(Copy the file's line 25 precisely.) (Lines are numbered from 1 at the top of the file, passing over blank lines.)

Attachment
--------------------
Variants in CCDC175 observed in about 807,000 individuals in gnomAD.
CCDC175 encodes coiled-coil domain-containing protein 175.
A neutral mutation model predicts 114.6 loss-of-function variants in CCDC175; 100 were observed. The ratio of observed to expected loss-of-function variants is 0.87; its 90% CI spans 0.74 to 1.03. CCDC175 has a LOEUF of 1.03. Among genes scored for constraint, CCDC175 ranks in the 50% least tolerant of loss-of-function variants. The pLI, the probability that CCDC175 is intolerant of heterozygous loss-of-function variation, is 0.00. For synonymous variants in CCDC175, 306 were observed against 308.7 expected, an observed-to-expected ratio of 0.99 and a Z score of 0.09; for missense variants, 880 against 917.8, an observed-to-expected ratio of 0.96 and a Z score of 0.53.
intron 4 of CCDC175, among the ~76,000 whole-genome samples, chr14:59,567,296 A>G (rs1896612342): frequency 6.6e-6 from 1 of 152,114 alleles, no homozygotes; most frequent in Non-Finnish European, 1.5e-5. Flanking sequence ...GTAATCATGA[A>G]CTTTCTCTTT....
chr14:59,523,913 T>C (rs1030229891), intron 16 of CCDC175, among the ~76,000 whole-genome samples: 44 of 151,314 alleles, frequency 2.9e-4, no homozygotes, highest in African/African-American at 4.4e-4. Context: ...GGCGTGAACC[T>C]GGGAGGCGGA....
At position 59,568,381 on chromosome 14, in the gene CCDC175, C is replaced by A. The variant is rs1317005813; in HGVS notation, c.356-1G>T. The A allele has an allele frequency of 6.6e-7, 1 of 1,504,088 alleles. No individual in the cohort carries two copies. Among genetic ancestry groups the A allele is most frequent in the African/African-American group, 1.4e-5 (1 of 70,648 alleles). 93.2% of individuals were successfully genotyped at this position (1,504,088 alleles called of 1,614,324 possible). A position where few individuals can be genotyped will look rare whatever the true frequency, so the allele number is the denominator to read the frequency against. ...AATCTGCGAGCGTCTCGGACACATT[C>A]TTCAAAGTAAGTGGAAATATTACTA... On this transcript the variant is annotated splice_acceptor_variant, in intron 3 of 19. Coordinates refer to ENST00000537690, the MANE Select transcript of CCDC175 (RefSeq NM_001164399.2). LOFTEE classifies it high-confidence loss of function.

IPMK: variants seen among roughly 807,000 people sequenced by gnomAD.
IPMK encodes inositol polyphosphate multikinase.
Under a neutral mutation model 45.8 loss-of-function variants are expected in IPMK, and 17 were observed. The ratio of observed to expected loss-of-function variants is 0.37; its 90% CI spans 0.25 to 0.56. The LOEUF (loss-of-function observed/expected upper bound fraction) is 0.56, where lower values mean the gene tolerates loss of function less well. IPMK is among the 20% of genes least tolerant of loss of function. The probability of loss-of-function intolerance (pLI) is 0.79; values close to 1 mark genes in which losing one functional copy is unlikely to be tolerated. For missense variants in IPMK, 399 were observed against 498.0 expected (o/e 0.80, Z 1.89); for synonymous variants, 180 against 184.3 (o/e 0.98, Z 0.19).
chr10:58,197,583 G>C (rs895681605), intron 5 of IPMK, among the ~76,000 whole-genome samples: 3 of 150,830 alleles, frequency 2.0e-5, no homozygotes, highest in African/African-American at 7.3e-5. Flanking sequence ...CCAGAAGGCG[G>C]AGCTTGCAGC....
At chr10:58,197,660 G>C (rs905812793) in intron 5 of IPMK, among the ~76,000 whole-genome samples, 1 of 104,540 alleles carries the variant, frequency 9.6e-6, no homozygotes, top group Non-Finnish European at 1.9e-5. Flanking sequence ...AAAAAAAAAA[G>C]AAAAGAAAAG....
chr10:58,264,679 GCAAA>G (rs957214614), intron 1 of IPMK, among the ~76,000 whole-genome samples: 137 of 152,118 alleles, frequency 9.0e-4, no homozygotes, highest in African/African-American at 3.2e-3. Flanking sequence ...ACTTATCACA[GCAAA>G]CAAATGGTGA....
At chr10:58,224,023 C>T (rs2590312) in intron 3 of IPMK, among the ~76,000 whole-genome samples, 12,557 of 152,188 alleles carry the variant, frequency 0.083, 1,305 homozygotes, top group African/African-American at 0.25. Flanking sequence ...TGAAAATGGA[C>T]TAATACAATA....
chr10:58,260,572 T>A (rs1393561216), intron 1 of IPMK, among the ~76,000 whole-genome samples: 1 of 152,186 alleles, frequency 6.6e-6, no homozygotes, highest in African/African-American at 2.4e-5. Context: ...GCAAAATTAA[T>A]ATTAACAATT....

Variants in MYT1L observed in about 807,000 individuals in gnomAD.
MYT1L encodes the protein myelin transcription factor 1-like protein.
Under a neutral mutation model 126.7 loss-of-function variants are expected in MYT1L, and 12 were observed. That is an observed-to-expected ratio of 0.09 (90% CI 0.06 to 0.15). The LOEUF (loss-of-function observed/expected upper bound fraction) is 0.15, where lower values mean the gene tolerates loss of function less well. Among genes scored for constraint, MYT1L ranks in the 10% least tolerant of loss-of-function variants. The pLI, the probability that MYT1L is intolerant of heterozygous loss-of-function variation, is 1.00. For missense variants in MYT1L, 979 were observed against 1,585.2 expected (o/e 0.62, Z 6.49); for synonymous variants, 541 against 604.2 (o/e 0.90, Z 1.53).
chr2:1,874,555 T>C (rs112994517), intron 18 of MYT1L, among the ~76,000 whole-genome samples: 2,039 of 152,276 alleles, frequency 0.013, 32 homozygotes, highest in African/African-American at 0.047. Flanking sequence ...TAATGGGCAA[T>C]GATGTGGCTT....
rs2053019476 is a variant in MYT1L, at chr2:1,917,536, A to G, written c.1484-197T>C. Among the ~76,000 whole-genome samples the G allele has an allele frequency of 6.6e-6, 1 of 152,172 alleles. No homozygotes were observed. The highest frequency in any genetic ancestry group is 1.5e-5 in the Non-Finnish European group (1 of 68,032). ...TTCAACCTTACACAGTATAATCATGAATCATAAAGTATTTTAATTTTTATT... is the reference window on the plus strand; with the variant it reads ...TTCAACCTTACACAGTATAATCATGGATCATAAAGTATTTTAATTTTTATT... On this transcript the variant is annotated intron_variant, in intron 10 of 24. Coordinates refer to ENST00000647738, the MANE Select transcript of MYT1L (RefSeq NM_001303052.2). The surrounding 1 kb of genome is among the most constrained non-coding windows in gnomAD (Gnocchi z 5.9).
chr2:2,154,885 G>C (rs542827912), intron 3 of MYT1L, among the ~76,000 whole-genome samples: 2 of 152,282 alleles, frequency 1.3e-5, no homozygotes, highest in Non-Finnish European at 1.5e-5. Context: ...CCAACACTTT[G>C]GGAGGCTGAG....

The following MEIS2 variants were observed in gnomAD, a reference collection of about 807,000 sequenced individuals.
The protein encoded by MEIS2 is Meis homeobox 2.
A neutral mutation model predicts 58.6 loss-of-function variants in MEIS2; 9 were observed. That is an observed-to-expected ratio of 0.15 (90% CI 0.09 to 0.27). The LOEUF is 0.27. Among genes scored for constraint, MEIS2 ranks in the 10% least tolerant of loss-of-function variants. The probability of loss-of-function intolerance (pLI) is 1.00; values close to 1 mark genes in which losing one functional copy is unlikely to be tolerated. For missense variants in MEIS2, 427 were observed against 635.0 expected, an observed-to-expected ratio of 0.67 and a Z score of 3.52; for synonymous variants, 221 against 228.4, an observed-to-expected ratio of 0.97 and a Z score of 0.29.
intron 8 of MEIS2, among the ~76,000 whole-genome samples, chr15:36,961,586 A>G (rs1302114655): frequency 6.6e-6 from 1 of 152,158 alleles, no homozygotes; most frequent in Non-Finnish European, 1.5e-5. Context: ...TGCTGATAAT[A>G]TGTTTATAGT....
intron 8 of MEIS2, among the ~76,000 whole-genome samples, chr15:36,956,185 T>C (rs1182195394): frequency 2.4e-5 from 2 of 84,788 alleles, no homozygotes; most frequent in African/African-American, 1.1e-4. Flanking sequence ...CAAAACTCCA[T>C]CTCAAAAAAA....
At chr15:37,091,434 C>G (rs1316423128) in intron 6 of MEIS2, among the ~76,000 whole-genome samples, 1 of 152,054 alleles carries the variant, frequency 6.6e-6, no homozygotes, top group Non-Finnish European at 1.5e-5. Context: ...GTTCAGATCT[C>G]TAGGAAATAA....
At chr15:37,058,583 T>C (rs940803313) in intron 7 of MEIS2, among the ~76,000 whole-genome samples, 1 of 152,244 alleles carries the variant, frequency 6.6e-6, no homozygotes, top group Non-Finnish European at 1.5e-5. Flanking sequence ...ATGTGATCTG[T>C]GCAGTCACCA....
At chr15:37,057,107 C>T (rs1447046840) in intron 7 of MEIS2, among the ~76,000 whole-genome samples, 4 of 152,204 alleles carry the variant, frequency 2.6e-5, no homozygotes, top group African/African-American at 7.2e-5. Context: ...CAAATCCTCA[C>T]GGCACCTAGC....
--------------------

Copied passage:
intron 8 of MEIS2, among the ~76,000 whole-genome samples, chr15:36,956,185 T>C (rs1182195394): frequency 2.4e-5 from 2 of 84,788 alleles, no homozygotes; most frequent in African/African-American, 1.1e-4. Flanking sequence ...CAAAACTCCA[T>C]CTCAAAAAAA....